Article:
Right now you want to check out: The Return of Restaurants
“Make up for lost meals. No takeout, no pasta kits, just 66 of the best new (or newly relevant) places to eat.”
Edited by Rob Patronite and Robin Raisfeld, Photographs by Dina Litovsky
Here are 3 more of my faves:
Feast on Escargot and the Scene
Pastis / 52 Gansevoort St.
We’re happy to report that whatever strange alchemy it was (the warming onion soup, the cheeseburger “à la Americaine,” the spacious sidewalk operation sturdy enough for any blizzard) that elevated this fashionable Stephen Starr–Keith McNally Meatpacking District brasserie into one of the go-to destinations during the dark pandemic months is still very much intact. Like everywhere else around town, the dining room is beginning to fill up again, but the best seat in the house is still outdoors, where the sidewalk between the tables along Gansevoort Street has turned into a kind of promenade for the vibrantly reopened city. There was a jazz trio spinning out New Orleans sounds when we dropped by the other day, and couples walking arm in arm on their way to the High Line or an evening picnic in the park. Any picnic here should include some oysters and the bubbly, shell-less escargot, but be sure to save a little room for the baba au rhum, the nougat glacé, and the rest of the underrated brasserie desserts.—A.P.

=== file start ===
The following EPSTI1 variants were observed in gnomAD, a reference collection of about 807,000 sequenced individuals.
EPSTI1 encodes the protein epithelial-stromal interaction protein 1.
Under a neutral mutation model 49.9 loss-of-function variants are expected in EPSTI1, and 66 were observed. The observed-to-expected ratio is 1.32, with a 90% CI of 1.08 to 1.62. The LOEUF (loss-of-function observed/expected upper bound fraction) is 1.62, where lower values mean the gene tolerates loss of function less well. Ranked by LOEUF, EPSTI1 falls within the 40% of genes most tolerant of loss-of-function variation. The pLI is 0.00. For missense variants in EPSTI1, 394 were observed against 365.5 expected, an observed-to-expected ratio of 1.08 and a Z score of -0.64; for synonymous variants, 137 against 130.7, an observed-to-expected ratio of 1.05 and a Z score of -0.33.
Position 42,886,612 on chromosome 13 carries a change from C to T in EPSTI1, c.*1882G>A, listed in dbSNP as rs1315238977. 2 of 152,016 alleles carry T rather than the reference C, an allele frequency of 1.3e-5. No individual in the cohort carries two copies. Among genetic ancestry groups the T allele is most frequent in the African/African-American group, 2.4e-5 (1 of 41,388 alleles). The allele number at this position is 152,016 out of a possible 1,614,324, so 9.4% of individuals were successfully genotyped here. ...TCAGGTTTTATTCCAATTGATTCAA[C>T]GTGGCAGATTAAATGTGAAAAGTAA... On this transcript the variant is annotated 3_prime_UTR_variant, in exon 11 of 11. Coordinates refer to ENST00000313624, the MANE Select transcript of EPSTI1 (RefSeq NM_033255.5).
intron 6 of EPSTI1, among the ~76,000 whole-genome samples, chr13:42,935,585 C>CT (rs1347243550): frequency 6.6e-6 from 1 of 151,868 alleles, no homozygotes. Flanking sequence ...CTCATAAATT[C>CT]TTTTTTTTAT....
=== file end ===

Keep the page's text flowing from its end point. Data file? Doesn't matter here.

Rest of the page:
Snag a Seat for Vietnamese Vermicelli
Di An Di / 68 Greenpoint Ave., Greenpoint
Cymande’s “bra” piped through the outdoor jukebox on a recent Friday at the Vietnamese restaurant Di An Di while patrons slurped up brothy vermicelli noodles underneath strings of white lights. Those who arrived after 8:45 p.m. were out of luck, as every table was filled with fashionable young folks in T-shirts and hosts had stopped taking names. Bowls of mi xao bo do bien, firm egg noodles studded with fat slices of squid and shrimp, scented the air with its garlicky perfume. The Before Times menu still hasn’t returned, which means no more rice-paper pizzas for now, but there are newish bánh mì lunch sandwiches stuffed with fried chicken, tofu, or pork belly. And the aromatic shaking beef (bo luc lac), with its wok-seared cubes of medium-rare sirloin and crisp tomato-watercress salad, remains.—R.P.S.